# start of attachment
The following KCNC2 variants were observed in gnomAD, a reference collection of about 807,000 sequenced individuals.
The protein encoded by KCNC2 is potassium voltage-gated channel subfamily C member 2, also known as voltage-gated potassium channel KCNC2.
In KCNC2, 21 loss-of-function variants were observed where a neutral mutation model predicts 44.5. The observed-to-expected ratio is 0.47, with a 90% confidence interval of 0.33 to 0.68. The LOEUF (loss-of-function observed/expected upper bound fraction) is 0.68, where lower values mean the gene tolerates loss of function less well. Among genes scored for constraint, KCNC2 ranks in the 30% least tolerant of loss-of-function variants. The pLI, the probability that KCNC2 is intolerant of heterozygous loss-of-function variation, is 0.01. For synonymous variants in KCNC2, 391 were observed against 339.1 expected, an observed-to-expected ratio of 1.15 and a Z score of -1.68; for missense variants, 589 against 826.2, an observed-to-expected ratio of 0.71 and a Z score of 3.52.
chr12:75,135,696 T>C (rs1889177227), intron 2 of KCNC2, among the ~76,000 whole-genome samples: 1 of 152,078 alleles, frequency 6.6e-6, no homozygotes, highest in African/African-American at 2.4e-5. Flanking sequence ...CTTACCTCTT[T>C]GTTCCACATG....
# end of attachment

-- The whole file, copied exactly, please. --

The following KCNC2 variants were observed in gnomAD, a reference collection of about 807,000 sequenced individuals.
The protein encoded by KCNC2 is potassium voltage-gated channel subfamily C member 2, also known as voltage-gated potassium channel KCNC2.
In KCNC2, 21 loss-of-function variants were observed where a neutral mutation model predicts 44.5. The observed-to-expected ratio is 0.47, with a 90% confidence interval of 0.33 to 0.68. The LOEUF (loss-of-function observed/expected upper bound fraction) is 0.68, where lower values mean the gene tolerates loss of function less well. Among genes scored for constraint, KCNC2 ranks in the 30% least tolerant of loss-of-function variants. The pLI, the probability that KCNC2 is intolerant of heterozygous loss-of-function variation, is 0.01. For synonymous variants in KCNC2, 391 were observed against 339.1 expected, an observed-to-expected ratio of 1.15 and a Z score of -1.68; for missense variants, 589 against 826.2, an observed-to-expected ratio of 0.71 and a Z score of 3.52.
chr12:75,135,696 T>C (rs1889177227), intron 2 of KCNC2, among the ~76,000 whole-genome samples: 1 of 152,078 alleles, frequency 6.6e-6, no homozygotes, highest in African/African-American at 2.4e-5. Flanking sequence ...CTTACCTCTT[T>C]GTTCCACATG....